Uber responds to the New York Times article about how it psychologically manipulates drivers

Uber is on the defensive after the New York Times reported that it manipulates drivers using techniques from behavioral science in order to reduce costs and increase corporate growth. The company did not refute that it uses psychological incentives, but instead focused its response on a claim in the April 2 article that “faster pickup times for riders require a greater percentage to be idling unpaid.”

“This is simply not true—and had the Times asked us whether it was, we would have explained the reality of what happens when Uber grows in a city: riders enjoy lower pick-up times and drivers benefit from less downtime between trips,” Uber’s director of policy research, Betsy Masiello, wrote in a blog post.

In order to avoid long wait times for customers and surge pricing (which automatically kicks in when demand for rides is higher than usual in an area), Uber has to make sure enough of its drivers are working—and does so using techniques that are sometimes ethically questionable, the New York Times said.

The article claimed that Uber “engaged in an extraordinary behind-the-scenes experiment in behavioral science to manipulate them in the service of its corporate growth—an effort whose dimensions became evident in interviews with several dozen current and former Uber officials, drivers and social scientists, as well as a review of behavioral science.”

According to the article, Uber’s tactics are similar to ones used by video game designers and have included:

  • alerting drivers when they are close to reaching an earnings goal set by the app.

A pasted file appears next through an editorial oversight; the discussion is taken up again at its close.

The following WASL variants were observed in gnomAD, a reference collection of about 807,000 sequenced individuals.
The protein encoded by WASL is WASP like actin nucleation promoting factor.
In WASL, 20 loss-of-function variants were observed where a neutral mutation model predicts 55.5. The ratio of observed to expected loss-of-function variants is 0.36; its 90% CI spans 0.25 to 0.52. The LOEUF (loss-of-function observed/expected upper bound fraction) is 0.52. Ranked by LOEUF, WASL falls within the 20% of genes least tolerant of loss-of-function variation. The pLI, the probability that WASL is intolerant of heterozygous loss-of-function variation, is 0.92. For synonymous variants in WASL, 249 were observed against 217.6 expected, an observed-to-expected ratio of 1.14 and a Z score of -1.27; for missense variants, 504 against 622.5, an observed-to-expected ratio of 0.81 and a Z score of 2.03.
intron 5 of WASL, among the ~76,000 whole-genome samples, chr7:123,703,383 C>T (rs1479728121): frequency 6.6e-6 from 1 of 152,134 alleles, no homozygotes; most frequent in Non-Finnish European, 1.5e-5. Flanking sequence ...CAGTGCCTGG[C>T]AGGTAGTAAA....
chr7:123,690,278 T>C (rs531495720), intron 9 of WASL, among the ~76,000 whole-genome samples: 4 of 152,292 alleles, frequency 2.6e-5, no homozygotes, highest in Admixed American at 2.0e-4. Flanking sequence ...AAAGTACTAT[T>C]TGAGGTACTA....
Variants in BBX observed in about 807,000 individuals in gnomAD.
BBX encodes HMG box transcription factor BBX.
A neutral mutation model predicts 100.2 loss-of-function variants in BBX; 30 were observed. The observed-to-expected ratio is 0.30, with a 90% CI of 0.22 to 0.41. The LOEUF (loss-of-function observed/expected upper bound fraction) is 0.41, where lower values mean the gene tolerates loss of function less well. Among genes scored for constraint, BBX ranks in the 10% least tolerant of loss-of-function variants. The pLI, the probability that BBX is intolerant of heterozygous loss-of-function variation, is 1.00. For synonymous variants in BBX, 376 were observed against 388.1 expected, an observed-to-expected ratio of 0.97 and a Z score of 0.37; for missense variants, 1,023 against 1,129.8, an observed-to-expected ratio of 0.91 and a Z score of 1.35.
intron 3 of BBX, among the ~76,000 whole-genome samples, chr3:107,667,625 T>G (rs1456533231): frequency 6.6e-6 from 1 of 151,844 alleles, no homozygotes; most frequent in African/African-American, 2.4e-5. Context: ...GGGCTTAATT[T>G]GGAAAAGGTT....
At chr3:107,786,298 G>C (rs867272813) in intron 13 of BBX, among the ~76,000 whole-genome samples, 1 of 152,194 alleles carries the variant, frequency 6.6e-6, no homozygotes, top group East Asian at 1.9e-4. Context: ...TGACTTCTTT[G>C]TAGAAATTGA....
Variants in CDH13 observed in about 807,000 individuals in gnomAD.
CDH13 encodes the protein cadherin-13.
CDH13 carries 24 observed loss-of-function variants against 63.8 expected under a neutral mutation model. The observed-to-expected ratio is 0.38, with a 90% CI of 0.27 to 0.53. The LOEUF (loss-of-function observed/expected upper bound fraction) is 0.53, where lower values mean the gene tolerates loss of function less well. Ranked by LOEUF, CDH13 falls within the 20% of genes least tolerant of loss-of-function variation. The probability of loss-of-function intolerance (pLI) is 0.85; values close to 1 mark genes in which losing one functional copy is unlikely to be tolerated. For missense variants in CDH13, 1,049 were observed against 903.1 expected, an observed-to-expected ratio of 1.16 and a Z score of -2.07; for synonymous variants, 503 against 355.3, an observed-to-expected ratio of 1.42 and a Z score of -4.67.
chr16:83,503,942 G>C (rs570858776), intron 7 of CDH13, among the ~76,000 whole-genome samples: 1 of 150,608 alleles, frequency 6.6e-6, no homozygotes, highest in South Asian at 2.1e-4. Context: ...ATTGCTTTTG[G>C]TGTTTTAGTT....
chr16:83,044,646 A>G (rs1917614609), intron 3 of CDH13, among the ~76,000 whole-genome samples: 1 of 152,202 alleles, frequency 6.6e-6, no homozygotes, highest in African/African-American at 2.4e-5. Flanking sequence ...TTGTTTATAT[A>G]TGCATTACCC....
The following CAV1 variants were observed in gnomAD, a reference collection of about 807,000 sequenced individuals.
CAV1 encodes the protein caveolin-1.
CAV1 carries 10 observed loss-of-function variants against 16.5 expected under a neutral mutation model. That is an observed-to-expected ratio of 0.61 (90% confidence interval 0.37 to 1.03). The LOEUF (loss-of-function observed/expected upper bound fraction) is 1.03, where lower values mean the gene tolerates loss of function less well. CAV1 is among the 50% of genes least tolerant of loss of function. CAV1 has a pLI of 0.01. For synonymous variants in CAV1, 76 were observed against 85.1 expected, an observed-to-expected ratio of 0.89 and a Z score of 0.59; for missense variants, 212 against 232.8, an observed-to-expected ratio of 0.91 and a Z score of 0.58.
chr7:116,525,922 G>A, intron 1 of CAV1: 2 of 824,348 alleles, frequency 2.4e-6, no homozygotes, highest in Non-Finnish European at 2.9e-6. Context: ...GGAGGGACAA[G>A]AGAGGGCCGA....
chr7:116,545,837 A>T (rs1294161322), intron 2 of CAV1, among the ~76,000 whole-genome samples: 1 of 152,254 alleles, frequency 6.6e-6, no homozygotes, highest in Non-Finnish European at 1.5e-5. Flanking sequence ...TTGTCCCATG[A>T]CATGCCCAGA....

• rewarding drivers with in-app badges that do not necessarily translate into higher earnings.
  • a feature that automatically alerts Uber drivers about their next potential fare before they drop off their current customer and can’t be turned off, only paused.
  • male local managers pretending to be women when texting drivers to head to certain areas, after finding that female personas increased engagement.

Even though drivers can decide when they want to work, Uber’s techniques are potentially problematic because they can manipulate drivers into working longer hours or undesirable locations without guaranteeing higher income, while benefiting the company’s bottom line.

Furthermore, because Uber’s drivers are contractors, they lack the protections and benefits that employees get, and are therefore more vulnerable to exploitation.

Masiello writes, however, that Uber’s practices have actually resulted in less idle time for its drivers:

First, as the number of passengers and drivers using Uber grows, any individual driver is more likely to be close to a rider. This means shorter pickup times and more time spent with a paying passenger in the back of the car. In addition, new features like uberPOOL and Back-to-Back trips have meant longer trips, while incentives to drive during the busiest times and in the busiest locations help keep drivers earning for a greater share of their time online. And that should be no surprise: drivers are our customers just as much as riders. So although the Times article suggests that Uber’s interest is misaligned with drivers’, the opposite is true: it’s in our interest to ensure that drivers have a paying passenger as often as possible because they’re more likely to keep using our app to earn money. (And Uber doesn’t earn money until drivers do.)

Though other tech companies, like Lyft and Postmates, use similar tactics to get more work out of their contractors, the New York Times article comes at an especially bad time for Uber. The company has never been viewed as a paragon of good corporate practice, but its reputation has arguably reached an all-time low over the past few months after a deluge of PR crises.

These include the revelation that it used a software tool called “greyball” to prevent regulators from taking rides, the #deleteuber social media campaign, reports of rampant sexual harassment, a video of founder and CEO Travis Kalanick berating a driver who was upset about dropping fares (Kalanick later apologized and promised to seek “leadership help”) and its ongoing court battle with Waymo, which claims Uber stole trade secrets.